May an individual whose rights have been affected by a municipal ordinance seek a declaratory judgment? The Supreme Court of New Jersey has construed the Declaratory Judgments Act in a way that allows such individuals to seek declaratory action. Bell v. Stafford Tp., 110 N.J. 384, 390 (1988). N.J.S.A. 2A: 16-53.

In that case, the Township of Stafford, N.J. (“Stafford”) enacted an ordinance that declared that “[b]illboards, signboards, and off-premises advertising signs and devices are prohibited within any zoning district of the Township.” Stafford Ordinance No. 84-35. The plaintiff, Wesley Bell (“Bell”), owned three billboards affected by the ordinance. The trial court found the ordinance to be constitutional, but the Appellate Division reversed. Stafford appealed.

In part of his original complaint, Bell sought a declaratory judgment that the ordinance was unconstitutional on its face. In response, Stafford contended that the Appellate Division erred and should have refrained from making any determination of unconstitutionality.

The Appellate Court found that Stafford’s response invoked the doctrine of “strict necessity”, which holds that courts will adjudicate the constitutionality of legislation only if a constitutional determination is absolutely necessary to resolve a controversy between the parties. Rescue Army  v. Municipal Court of Los Angeles, 331 U.S. 549 (1947). This was also applied in New Jersey in Donadio v. Cummingham¸ where it was held that “a court should not reach and determine a constitutional issue unless absolutely imperative in the disposition of litigation.” Donadio v. Cummingham¸ 58 N.J. 309, 325-26 (1971).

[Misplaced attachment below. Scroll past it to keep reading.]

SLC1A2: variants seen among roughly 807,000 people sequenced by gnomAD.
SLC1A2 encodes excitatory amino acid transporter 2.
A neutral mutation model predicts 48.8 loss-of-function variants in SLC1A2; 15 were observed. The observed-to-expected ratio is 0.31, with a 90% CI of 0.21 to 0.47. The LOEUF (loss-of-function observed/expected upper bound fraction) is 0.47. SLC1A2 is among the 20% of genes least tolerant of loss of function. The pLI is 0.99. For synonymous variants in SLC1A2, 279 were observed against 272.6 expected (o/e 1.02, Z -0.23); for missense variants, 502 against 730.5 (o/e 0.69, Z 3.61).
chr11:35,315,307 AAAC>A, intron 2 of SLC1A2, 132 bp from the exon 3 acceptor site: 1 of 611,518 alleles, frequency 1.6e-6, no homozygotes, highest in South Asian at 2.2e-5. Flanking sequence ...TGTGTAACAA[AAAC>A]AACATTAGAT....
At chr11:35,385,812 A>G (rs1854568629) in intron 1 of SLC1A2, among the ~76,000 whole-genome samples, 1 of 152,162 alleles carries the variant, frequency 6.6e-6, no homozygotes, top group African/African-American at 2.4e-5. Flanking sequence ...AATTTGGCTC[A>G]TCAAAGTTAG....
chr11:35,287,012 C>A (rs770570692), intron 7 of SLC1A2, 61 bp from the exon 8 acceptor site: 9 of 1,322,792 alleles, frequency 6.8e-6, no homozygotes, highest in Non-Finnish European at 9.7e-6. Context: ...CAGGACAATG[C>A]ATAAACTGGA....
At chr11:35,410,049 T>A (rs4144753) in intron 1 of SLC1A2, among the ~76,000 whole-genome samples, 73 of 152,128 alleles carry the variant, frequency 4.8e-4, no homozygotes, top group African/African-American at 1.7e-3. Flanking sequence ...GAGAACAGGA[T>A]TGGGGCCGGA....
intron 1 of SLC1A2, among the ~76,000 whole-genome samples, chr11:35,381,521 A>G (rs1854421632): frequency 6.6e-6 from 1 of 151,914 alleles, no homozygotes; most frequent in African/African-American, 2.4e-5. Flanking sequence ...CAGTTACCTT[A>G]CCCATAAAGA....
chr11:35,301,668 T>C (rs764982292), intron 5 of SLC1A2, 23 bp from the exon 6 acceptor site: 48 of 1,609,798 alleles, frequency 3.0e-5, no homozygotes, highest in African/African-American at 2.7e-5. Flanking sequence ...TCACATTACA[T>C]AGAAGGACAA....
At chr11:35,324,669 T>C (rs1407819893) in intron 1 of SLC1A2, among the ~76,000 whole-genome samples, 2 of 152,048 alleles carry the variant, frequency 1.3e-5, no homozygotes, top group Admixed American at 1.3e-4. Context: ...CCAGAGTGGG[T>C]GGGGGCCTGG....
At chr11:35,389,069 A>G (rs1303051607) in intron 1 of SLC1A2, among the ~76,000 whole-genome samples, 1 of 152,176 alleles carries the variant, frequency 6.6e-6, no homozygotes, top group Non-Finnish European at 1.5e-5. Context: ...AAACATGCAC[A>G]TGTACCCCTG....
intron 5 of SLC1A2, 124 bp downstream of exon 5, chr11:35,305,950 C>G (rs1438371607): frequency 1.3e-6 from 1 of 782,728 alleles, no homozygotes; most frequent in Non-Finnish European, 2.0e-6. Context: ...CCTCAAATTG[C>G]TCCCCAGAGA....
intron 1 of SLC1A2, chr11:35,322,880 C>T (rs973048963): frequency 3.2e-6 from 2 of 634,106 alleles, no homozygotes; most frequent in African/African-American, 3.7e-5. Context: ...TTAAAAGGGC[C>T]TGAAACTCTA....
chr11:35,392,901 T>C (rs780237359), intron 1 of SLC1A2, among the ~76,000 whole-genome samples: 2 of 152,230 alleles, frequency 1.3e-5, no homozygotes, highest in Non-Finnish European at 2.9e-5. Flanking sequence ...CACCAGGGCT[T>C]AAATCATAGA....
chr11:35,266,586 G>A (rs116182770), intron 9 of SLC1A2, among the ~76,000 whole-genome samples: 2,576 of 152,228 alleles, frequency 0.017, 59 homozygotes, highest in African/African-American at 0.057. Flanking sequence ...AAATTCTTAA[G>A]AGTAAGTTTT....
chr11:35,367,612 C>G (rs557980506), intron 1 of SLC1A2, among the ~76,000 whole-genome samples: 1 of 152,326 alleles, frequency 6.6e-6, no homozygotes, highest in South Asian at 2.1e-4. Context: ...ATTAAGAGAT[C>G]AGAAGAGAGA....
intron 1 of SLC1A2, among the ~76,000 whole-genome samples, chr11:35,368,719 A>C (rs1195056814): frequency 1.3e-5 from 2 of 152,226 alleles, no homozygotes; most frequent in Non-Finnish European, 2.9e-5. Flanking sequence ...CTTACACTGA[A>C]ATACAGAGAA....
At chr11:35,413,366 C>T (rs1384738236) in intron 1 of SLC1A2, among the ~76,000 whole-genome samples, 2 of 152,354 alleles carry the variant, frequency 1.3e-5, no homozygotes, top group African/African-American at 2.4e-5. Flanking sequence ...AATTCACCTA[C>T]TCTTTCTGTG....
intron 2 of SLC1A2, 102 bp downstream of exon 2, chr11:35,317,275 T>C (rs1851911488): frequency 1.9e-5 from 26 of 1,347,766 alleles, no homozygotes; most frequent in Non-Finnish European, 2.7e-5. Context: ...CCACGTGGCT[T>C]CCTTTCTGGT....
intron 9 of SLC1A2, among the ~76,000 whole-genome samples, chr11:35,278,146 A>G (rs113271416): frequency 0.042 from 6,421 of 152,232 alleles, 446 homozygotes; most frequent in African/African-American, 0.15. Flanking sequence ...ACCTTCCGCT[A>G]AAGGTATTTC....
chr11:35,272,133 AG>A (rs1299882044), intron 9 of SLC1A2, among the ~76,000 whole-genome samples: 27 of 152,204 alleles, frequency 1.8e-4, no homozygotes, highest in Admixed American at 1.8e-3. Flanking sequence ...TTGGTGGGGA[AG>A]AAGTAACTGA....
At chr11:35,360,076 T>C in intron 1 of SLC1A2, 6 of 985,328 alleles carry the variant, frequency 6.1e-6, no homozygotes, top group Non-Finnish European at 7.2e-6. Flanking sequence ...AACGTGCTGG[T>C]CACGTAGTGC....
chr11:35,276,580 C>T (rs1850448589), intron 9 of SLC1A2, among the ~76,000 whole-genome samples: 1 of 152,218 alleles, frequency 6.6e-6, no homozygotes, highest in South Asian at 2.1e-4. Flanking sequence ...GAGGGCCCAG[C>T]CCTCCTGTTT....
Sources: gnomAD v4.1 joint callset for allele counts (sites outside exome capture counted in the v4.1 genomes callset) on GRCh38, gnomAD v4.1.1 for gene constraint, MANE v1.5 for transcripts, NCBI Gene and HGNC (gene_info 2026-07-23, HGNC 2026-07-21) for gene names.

The Court also found that Bell had standing to press his constitutional challenge under the Declaratory Judgments Act. The Act “expressly confers standing on a person whose legal rights have been affected by a municipal ordinance.” Bell  at 390. The Court held that the Act is not to be used to secure court decisions that are merely advisory. Rather, the Act affords “expeditious relief from uncertainty with respect to rights when claims are in genuine conflict.” Id. at 391. The Court concluded that the issue of the constitutionality of the ordinance was properly presented, since Bell had standing to raise the constitutional issue in a context that warranted a decision so as to fairly resolve the legal controversy caused by the application of Stafford’s ordinance. It subsequently affirmed the Appellate Division’s ruling.


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